Need I even add that the violence in question is perpetrated on women?
Critics have variously praised the film, condemned it, defended the violence as essential to the storyline, and questioned whether it was worth the storyline. No one, however, has rivaled the critical response of one Romola Garai. An actress who you most likely know as the teenaged Briony Tallis of Atonement, Garai provides her own examination of The Killer, of cinema in general, and society at large. It is startlingly insightful:
It is also a misogynistic film – but why shouldn't it be? I would argue
that something dark is lurking between the sexes and that it is seeping out into
cinema. [...] Isn't cinema simply responding to a fear of – and desire to punish
– women, especially materially successful or sexually active women?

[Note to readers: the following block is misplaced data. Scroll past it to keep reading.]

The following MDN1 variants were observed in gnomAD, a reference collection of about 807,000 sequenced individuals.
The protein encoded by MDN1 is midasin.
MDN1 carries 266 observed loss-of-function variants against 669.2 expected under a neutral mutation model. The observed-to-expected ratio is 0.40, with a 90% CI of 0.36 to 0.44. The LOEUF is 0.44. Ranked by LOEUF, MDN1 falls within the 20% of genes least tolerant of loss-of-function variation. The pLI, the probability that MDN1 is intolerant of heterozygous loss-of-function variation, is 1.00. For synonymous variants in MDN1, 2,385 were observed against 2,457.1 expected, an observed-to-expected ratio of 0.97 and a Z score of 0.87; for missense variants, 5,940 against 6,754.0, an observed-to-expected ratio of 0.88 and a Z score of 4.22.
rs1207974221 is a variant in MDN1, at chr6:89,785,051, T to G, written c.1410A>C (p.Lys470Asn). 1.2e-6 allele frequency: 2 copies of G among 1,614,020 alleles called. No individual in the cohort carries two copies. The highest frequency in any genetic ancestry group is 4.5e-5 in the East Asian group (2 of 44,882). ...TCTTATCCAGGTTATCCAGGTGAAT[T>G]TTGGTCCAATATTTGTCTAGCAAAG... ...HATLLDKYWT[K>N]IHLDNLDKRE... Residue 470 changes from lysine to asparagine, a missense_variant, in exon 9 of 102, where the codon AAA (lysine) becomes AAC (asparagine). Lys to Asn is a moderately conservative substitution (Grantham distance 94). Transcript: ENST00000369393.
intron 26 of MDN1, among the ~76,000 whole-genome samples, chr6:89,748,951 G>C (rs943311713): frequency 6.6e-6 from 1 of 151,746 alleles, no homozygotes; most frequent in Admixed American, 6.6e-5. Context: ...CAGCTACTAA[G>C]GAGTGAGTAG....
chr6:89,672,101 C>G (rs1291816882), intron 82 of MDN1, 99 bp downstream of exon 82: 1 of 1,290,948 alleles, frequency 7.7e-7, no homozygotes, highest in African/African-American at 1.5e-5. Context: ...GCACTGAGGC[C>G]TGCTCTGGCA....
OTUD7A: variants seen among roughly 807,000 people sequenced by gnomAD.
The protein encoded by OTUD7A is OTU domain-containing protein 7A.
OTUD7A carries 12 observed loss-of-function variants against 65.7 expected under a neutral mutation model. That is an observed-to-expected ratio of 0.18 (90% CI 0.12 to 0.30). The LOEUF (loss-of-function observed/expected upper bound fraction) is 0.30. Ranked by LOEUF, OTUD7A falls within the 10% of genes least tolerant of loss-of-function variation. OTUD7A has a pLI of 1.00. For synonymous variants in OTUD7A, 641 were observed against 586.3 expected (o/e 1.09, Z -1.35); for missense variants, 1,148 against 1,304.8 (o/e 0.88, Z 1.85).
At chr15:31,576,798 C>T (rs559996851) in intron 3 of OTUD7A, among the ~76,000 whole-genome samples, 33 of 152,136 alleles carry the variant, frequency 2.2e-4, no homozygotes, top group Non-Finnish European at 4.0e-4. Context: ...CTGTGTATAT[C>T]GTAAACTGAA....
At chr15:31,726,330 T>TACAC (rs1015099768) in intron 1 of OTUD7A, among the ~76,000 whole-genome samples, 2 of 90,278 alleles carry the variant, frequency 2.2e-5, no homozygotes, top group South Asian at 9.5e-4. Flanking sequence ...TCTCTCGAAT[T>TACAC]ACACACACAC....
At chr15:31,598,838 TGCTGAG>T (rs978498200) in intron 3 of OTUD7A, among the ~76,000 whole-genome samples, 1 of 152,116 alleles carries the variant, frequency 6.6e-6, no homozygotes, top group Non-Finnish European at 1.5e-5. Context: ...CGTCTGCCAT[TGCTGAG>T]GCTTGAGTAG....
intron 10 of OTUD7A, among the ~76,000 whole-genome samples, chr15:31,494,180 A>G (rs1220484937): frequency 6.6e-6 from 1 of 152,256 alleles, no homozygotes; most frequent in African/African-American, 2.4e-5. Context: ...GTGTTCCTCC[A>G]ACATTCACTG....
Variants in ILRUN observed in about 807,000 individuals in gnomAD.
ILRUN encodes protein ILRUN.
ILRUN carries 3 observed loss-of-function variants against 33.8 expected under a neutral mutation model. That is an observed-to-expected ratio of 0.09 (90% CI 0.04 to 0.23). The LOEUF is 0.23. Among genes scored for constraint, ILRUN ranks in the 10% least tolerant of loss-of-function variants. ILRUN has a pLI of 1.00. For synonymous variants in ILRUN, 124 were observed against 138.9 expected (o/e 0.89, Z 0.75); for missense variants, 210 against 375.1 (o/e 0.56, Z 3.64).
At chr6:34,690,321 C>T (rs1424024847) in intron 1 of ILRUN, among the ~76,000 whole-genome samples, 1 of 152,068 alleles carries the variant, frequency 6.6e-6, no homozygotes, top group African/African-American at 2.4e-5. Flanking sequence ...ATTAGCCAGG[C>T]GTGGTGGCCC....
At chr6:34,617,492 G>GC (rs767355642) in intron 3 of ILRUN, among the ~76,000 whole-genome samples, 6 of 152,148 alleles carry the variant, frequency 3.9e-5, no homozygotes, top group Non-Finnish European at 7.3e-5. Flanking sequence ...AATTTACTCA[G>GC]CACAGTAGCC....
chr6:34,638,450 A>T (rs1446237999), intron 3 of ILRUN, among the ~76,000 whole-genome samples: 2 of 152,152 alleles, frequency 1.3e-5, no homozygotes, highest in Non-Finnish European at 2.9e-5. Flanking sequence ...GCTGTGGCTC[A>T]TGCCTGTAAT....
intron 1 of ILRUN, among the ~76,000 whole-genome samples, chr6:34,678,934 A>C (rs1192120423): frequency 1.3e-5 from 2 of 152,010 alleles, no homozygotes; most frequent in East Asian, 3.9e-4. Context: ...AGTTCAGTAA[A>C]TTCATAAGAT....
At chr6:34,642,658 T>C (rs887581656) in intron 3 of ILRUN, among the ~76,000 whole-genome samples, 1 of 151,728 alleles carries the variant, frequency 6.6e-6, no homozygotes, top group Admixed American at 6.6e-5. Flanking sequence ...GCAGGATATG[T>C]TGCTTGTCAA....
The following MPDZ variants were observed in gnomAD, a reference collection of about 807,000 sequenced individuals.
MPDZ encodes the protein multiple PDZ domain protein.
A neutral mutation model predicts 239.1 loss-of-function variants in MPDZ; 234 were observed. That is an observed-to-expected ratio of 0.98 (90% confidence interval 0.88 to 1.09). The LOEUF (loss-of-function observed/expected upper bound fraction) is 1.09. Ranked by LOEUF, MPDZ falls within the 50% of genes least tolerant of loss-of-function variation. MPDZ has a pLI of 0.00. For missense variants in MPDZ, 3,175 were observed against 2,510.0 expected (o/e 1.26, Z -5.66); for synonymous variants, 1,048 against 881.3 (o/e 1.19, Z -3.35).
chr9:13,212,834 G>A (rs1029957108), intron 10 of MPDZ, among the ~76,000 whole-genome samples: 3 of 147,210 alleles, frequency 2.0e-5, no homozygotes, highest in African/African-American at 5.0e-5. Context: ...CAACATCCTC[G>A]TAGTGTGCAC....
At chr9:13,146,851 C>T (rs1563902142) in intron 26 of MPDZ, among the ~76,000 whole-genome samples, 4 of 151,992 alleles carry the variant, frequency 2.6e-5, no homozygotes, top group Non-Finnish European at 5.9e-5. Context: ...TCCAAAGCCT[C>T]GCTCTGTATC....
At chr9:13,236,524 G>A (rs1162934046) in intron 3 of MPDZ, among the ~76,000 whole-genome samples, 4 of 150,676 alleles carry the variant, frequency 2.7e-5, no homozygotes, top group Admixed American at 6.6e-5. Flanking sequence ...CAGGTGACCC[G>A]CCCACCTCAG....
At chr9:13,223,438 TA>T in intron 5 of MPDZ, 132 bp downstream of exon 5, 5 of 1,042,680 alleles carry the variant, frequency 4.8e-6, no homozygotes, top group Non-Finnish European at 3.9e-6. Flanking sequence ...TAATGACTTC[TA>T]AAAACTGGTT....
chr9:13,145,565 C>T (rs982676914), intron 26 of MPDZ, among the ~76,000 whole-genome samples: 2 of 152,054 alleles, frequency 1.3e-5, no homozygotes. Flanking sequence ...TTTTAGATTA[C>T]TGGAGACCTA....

The world has changed quickly and, for some men, there is anger,
confusion and frustration at that change – a feeling of displacement and
uselessness that is driving a wedge between the sexes. It isn't a predicament I
feel much sympathy for but I believe it exists and should be allowed to be
I'm not sure whether I agree with her or not -- after all, life often imitates art, and our cultural palate is formed by the media we devour -- but she raises interesting points.